Story of Toofaan:
Aziz Ali (Farhan Akhtar), a street ruffian, debt collector, and henchman of a criminal lord, witnesses his life absolutely changed when he falls in love with Doctor Ananya (Mrunal Thakur). He is asked to make a choice. Aziz Ali or Ajju wasooli bhai, how does he view himself?
Where to watch Toofaan:
You can watch Toofaan on Amazon Prime Videos
The owner of a Parsi gym in the neighborhood shows Aziz the legendary Muhammad Ali’s videos. I was saying, “Boxing or Baigiri yahi farak hai.” He clarifies that boxing requires more than strength, but also technique, discipline, and patience. Aziz is recommended to Nana Prabhu (Paresh Rawal), a widely renowned boxing coach, due to his potential and the expert training he deserves. A Muslim guy with a notorious background in Dongri worries the Dadar veteran, but he accepts to take him under his wing. When things get personal, the relationship between coach and protege becomes almost unmanageable (called Toofaan).
Toofaan attempts to tread multiple paths simultaneously, including forbidden love, casual bigotry, communal harmony, and rediscovering a former boxer. Therefore, the fictional tale is reminiscent of several movies you may have seen before, namely Sultan, Ghulam, and Mukkabaaz. Rakeysh Omprakash Mehra reuniting with Farhan Akhtar and Shankar Ehsaan-Loy for Toofaan means there will be fireworks. An over-simplified version of an ordinary story is what you get. While Toofaan is a mix of succumbing to stereotypes and destroying them at the same time, he throws just a few empty punches and lands a few solid blows as well as evading the opponent. The central theme of the story is love, but the central theme of the narrative is boxing. Trying to juggle does not look natural and seems like the one interrupts the other.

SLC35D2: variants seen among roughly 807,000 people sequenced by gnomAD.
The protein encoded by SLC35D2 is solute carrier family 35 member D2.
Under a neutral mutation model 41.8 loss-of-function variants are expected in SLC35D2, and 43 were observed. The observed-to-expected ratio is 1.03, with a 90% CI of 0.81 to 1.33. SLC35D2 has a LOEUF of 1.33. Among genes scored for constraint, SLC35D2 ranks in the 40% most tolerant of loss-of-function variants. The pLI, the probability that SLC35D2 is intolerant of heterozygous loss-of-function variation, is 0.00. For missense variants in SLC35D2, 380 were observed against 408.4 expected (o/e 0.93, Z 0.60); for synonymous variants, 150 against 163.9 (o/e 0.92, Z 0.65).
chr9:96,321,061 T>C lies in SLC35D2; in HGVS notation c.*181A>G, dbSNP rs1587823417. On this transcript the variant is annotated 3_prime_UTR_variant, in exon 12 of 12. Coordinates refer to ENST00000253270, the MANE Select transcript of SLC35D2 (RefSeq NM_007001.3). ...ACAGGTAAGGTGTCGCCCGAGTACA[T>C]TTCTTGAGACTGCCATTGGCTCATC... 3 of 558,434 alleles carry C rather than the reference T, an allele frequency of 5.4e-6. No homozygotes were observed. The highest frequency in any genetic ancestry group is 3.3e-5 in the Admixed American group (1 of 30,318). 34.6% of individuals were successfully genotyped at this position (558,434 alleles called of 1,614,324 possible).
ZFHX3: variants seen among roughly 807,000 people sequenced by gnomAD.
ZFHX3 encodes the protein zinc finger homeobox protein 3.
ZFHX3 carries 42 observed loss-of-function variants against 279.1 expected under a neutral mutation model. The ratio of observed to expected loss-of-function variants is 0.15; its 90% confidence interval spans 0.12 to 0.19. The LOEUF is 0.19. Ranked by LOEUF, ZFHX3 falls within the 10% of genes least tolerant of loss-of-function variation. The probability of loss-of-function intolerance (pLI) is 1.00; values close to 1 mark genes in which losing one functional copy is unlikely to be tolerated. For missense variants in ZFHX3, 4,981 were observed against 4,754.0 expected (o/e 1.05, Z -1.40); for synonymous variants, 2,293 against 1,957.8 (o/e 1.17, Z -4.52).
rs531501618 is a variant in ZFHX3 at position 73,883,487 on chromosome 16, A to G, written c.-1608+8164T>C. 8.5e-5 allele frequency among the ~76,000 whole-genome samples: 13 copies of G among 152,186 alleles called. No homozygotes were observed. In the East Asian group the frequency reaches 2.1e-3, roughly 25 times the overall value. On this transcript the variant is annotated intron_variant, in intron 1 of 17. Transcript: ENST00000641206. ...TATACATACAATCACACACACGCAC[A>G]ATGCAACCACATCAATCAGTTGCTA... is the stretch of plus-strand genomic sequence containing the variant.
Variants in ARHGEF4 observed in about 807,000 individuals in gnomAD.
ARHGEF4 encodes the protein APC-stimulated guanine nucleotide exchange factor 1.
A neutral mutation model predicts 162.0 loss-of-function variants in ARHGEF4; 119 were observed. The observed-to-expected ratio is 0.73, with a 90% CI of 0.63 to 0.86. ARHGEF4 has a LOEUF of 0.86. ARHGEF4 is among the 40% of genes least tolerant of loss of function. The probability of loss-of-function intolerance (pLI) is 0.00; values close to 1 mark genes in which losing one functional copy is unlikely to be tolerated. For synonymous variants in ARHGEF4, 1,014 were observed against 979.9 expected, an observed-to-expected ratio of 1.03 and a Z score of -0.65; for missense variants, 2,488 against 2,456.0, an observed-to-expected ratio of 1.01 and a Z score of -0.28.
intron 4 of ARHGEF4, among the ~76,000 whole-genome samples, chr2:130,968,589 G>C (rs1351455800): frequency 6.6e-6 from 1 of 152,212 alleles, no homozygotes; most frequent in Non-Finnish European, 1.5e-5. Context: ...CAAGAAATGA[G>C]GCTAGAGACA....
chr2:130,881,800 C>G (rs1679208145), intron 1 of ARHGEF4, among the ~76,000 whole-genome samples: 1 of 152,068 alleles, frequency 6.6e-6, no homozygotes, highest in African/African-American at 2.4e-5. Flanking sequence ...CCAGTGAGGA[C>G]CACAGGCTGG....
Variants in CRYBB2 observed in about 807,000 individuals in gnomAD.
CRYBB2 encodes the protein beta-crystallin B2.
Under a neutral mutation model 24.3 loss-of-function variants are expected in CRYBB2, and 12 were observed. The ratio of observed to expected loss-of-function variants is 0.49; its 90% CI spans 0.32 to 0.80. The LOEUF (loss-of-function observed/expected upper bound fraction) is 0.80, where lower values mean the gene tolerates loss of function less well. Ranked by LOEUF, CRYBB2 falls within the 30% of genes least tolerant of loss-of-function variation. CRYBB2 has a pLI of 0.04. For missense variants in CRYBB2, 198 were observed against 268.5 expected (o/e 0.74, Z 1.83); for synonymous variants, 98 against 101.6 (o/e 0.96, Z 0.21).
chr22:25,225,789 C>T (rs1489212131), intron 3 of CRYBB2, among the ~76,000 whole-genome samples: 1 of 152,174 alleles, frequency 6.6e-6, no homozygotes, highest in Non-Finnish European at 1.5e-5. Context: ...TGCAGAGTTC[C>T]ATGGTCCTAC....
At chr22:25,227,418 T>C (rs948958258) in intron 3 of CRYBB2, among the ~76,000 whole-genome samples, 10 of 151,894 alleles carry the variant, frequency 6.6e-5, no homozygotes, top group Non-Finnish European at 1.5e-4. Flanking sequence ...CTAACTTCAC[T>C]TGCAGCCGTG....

Ananya believes that you always have a choice. The idea of uprooting oneself from one’s birthplace and upgrading one’s life is not easy. Despite his inner conflict and knowledge of boxing, the film’s protagonist does it without breaking a sweat.
Boxing is featured as an extended highlight, however, as well as an interfaith love story, societal scrutiny, parental outrage, and a conventional love story.
The film’s strongest elements revolve around the screenplay’s modest and realistic setting, the relationship between the coach and protégé, and the confrontation over communal conversations. In an attempt to keep the story moving, these scenes are shortened and emotions are curbed. It seems the author wants to raise issues such as tolerance, empathy, and prejudice, but he only scratches the surface.
With Toofaan, there is a return to the gullies of Dharavi where you have their boy from Bandra, Ranveer Singh, featuring Phoda Phodi in Dongri by Farhan Akhtar. In contrast to Ranveer, Farhan can be overwhelming due to his urbane persona. While carving out a role that’s significantly different from his sensibilities, the actor-writer-director took his time in the process. He has already succeeded in proving that his physical transformation is genuine by his sincerity and resolve. Farhan sticks to his plan regardless of what happens, this time too. Aside from his fights with renowned Indian boxers like Neeraj Goyat, Gaganpreet Sharma, his performances leave the crowd spellbound.
Taking a glance at Rawal’s highly misunderstood boxer is one of the film’s finest moments. In a series of short videos, he and Dr Mohan Agashe demonstrate how competent actors can elevate an average script. The manner in which Murnal Thakur plays her role is undramatic and earnest. The characters do not indulge in self-pity or act like someone they are not when they are in crisis. Despite the fact that it’s unabashedly confessed, Azizi confesses, “Boxing mein jo foda fodi hai, Woh Kareeb hai apne.”
On the whole, Toofaan may not have been the cyclone you may have expected, but it certainly had its thundering moments.
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